The new Hispanic question elicits a higher degree of reporting of specific Hispanic groups than does the "old" origin or descent question.  It also seems as though the new question format may have been more likely to increase detailed origin reporting among foreign-born Hispanics.
Given the shift described in Section 220.127.116.11 concerning the decrease in people reporting "Other Hispanic", evidence from the matched file also shows that the new Hispanic question(s) led more people to report a specific Hispanic origin group, than did the old origin question. Many of those reporting "Other Hispanic" in response to the old question, provided a more detailed response to the second of the new questions which allows the respondent 42 choices, several of which are non-Hispanic. For example, Table 3-A shows that among those who said they were "Dominican" in response to the new question 44.8 percent had provided the more general "Other Hispanic" response to the old question. This shift was more pronounced among the foreign born where 48.7 percent of the Dominicans in the new question had responded "Other Hispanic" to the old question (Table 3-B), compared with the natives, where only 38.4 percent of those identified as Dominican by the new question had responded "Other Hispanic" in the old question (Table 3-C).
The data in these tables support the conclusion that those who provided detail for the old question continued to provide detail for the new question, although consistency appears to be better for the foreign-born population. For example, the percent reporting Mexican origin consistently between the new and old questions was 96.1 percent for the foreign-born population and 90.1 percent for the native population. The corresponding percentages for Cubans were 91.7 percent and 81.5 percent, respectively. Puerto Ricans are not foreign born; so no comparison can be made along the nativity dimension, however, the consistency for all Puerto Ricans was 85.7 percent. 
18.104.22.168. Response validity and the new question.
Traditionally, statistical validity has referred to a measurement that is representative of, or an actual gauge for an observed phenomenon. By providing respondents greater choice, the new Hispanic origin question seems to improve the validity of responses by allowing interviewed subjects to better approximate their detailed Hispanic origin answers than did the old question. However, some caveats remain.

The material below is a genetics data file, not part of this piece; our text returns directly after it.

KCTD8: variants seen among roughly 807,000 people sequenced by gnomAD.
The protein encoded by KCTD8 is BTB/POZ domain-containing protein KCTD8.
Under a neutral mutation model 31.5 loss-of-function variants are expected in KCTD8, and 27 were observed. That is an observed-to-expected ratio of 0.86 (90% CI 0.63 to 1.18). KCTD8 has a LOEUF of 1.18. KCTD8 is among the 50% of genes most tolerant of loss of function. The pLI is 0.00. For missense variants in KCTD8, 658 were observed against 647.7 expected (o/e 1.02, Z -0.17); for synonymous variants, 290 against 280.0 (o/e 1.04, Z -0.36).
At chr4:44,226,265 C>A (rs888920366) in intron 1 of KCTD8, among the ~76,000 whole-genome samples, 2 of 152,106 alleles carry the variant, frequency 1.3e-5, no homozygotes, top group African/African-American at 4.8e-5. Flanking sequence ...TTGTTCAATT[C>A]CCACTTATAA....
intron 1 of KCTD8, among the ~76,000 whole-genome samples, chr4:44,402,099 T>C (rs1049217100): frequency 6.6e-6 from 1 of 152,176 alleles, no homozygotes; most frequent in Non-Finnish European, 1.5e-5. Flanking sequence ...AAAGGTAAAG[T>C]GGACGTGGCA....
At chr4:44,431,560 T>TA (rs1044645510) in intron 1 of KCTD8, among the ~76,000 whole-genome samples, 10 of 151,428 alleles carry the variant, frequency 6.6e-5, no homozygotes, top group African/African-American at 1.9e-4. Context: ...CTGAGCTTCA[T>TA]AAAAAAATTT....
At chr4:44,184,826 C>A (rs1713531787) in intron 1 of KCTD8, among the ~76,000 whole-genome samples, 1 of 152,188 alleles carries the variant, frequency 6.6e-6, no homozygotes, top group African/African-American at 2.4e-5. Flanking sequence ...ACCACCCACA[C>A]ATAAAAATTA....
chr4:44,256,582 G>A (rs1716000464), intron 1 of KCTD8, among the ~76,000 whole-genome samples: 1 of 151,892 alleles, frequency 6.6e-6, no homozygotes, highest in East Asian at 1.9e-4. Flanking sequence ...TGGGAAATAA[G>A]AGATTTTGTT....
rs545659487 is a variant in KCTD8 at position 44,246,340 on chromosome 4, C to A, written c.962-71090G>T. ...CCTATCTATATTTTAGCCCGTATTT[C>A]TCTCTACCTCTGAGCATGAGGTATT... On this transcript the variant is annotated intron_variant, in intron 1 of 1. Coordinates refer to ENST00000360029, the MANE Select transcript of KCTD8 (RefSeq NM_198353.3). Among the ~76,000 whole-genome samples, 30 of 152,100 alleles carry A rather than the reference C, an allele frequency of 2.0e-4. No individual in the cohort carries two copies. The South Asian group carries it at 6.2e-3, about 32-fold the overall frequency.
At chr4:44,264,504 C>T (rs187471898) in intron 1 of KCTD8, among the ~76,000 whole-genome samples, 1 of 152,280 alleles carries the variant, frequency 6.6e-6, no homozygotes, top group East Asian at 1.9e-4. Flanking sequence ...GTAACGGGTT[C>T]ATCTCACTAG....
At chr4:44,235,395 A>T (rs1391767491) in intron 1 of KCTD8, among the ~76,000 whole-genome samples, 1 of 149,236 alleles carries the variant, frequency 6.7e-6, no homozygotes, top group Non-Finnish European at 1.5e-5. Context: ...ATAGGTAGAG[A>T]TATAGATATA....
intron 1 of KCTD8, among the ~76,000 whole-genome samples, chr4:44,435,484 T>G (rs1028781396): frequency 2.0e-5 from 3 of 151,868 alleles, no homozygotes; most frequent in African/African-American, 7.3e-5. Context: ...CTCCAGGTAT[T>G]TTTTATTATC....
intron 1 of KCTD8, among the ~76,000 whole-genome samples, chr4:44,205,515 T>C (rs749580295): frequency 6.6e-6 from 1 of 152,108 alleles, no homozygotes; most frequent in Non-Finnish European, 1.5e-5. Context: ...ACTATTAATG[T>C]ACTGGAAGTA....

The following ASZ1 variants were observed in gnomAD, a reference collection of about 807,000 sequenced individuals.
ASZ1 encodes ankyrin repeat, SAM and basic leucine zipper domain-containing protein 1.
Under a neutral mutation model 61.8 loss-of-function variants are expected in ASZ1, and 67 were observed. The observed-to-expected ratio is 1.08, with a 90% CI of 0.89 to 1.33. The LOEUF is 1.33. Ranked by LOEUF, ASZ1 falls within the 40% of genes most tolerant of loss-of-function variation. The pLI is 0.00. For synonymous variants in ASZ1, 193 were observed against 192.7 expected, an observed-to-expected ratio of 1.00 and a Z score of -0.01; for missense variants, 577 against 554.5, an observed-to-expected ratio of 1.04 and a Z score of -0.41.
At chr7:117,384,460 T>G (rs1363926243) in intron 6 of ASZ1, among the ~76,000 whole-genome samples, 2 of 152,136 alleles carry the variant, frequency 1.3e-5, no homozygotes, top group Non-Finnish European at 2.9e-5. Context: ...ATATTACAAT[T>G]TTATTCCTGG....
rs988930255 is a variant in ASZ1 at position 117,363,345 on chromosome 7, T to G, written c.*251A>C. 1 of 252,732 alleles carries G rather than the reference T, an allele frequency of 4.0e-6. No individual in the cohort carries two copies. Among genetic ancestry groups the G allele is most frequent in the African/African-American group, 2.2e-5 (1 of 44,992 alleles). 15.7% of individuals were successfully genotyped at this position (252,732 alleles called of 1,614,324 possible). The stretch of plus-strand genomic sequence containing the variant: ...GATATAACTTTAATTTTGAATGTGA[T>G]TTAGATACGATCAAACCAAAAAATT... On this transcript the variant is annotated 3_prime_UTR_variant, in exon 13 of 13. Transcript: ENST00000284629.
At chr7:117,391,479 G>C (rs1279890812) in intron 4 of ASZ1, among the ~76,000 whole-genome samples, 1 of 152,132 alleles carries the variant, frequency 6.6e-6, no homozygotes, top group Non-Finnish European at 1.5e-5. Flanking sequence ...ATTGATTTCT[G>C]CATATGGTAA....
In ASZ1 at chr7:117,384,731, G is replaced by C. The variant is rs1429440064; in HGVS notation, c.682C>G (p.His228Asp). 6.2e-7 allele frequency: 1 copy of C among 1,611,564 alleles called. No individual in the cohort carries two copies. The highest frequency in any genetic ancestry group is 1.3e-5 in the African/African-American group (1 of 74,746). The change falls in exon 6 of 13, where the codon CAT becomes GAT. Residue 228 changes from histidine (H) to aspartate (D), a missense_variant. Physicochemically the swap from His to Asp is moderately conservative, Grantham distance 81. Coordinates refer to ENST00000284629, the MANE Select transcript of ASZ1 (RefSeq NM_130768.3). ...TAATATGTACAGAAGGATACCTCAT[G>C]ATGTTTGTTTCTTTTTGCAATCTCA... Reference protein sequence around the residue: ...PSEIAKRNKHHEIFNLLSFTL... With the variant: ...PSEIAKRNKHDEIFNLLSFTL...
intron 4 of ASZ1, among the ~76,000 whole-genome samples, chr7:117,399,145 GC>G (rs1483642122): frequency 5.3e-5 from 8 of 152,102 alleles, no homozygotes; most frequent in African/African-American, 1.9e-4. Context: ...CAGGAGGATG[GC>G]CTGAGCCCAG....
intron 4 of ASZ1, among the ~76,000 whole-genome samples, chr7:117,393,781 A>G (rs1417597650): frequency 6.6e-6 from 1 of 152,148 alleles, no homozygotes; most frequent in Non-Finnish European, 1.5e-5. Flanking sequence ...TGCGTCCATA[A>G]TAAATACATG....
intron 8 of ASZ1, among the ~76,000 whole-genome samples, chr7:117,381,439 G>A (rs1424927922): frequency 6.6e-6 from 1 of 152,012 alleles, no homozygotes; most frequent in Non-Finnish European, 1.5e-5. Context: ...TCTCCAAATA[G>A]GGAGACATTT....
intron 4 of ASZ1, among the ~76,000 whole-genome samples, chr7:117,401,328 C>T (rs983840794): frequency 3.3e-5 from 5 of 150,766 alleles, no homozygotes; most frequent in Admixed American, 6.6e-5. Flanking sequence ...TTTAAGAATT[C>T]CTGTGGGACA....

Table 4-A reveals that long-standing detailed Hispanic groups such as Mexican, Cuban, and Puerto Rican show high consistency in reporting birthplace and detailed Hispanic origin. In 2003, among those born in Mexico, 98.5 percent say they are Mexican in response to the new Hispanic question. Comparable figures are 93.4 percent for those born in Cuba and 92.8 percent for those born in Puerto Rico. However, not all the newly identified groups display comparable levels of consistency between birthplace and detailed Hispanic response. For example, among those born in the Dominican Republic, 88.7 percent report Dominican, while in contrast, among those born in El Salvador, a figure of 62.4 percent emerges.  The relatively lower proportion of foreign-born from El Salvador responding as Salvadoran raises questions about the responses for this Hispanic category.
22.214.171.124. Rethinking Hispanic.
A number of people reported as Hispanic in the "Yes-No" question (first in the series of new Hispanic questions shown in Appendix A), but in a follow-up question, some of those reporting Hispanic also indicated they were Portuguese, Haitian, Brazilian, or of some other group not traditionally identified by the Office of Management and Budget as an Hispanic category. Using unedited data, about 180,000 people reported in this manner in 2003. In all these cases, the response to the “Yes-No” question was changed in the edit to “No.” Using edited data, there were also about 287,000 people in 2003 who provided responses not listed in the Hispanic code list for CPS, such as “Mestizo,” “Raza,” or “Mixed,” and were therefore coded as “Other Other.” (Table 5)
These responses raise the issue of self-concept. While it was possible that some of the CPS respondents misunderstood the question, because a Census Bureau field representative conducted the CPS interview and many of these interviewers spoke the respondents’ language, confusion about the questions should have been minimized compared with the mail-out, mail-back census form. Furthermore, our research shows respondents’ or respondents’ parental birthplace may have led them to believe the terms “Hispanic” and/or “Latino” applied to them. Table 5 shows that among the 287,000 “Other Other” Hispanics in 2003, about 158,000 (55 percent) were born in the United States and about 129,000 (45 percent) were born elsewhere (primarily in Spanish-speaking countries). For 2004, among the 306,000 “Other Other” Hispanics, about 200,000 (65 percent) were born in the United States and about 106,000 (35 percent) were born elsewhere (again, primarily in Spanish-speaking countries).
Additional research needs to be conducted to understand why respondents who indicated they were Hispanic to the “Yes-No” question and then gave an explicitly non-Hispanic group in the follow-up question. One possible suggestion is that this is the only way these respondents can report a mixed ancestry. We might want to look at parental birthplace to see if one or both parents were born in a Spanish-speaking country, thus allowing for the possibility that the respondent wanted to express a multiple response. Regarding the “Other Other,” we have no additional data from the CPS, even with the parental birthplace data, to determine that the respondent is Hispanic. Overall, however, the number of these responses represents a relatively small share of the Hispanic population.
5.3. CPS 2001 sample expansion.